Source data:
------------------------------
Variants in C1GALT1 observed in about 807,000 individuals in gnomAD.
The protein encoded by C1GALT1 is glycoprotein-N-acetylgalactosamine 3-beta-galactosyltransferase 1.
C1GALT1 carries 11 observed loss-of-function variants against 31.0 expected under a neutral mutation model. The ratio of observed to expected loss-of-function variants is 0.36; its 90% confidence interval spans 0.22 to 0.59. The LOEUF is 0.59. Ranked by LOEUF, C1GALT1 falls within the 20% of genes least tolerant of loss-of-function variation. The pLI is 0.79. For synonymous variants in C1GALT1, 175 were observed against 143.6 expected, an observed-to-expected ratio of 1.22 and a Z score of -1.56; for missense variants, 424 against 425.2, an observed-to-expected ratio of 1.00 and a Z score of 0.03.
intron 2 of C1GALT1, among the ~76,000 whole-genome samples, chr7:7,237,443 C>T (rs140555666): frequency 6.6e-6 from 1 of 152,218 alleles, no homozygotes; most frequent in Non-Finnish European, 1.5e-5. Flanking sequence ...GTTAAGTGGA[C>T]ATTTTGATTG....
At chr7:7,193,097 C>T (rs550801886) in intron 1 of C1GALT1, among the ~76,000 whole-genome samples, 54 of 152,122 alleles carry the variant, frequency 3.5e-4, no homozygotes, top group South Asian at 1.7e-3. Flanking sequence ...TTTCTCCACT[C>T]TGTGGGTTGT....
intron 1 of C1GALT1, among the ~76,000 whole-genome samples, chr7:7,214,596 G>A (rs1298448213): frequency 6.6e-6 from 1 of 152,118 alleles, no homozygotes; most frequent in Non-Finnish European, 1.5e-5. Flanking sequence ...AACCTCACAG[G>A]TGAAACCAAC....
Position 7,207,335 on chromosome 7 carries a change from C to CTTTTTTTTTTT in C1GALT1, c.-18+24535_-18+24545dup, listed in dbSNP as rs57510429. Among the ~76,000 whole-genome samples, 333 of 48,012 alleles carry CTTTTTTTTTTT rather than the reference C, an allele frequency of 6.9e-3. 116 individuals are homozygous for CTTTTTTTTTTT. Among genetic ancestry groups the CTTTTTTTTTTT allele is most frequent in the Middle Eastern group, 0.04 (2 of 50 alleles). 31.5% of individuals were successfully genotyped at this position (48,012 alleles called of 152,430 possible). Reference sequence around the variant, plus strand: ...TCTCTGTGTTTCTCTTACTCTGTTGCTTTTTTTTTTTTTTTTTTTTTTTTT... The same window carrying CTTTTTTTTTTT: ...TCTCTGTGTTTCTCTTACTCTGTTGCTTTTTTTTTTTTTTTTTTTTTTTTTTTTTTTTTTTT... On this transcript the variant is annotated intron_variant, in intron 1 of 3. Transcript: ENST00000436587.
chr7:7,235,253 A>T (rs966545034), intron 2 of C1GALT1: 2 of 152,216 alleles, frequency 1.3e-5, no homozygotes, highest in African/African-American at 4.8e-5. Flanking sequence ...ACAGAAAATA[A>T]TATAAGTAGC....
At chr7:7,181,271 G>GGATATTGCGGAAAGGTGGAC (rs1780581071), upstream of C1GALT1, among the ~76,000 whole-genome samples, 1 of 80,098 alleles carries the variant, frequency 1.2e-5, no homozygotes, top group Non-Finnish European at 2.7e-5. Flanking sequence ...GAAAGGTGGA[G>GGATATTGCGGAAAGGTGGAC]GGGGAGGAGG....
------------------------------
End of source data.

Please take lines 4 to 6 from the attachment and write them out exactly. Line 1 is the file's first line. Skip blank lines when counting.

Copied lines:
intron 2 of C1GALT1, among the ~76,000 whole-genome samples, chr7:7,237,443 C>T (rs140555666): frequency 6.6e-6 from 1 of 152,218 alleles, no homozygotes; most frequent in Non-Finnish European, 1.5e-5. Flanking sequence ...GTTAAGTGGA[C>T]ATTTTGATTG....
At chr7:7,193,097 C>T (rs550801886) in intron 1 of C1GALT1, among the ~76,000 whole-genome samples, 54 of 152,122 alleles carry the variant, frequency 3.5e-4, no homozygotes, top group South Asian at 1.7e-3. Flanking sequence ...TTTCTCCACT[C>T]TGTGGGTTGT....
intron 1 of C1GALT1, among the ~76,000 whole-genome samples, chr7:7,214,596 G>A (rs1298448213): frequency 6.6e-6 from 1 of 152,118 alleles, no homozygotes; most frequent in Non-Finnish European, 1.5e-5. Flanking sequence ...AACCTCACAG[G>A]TGAAACCAAC....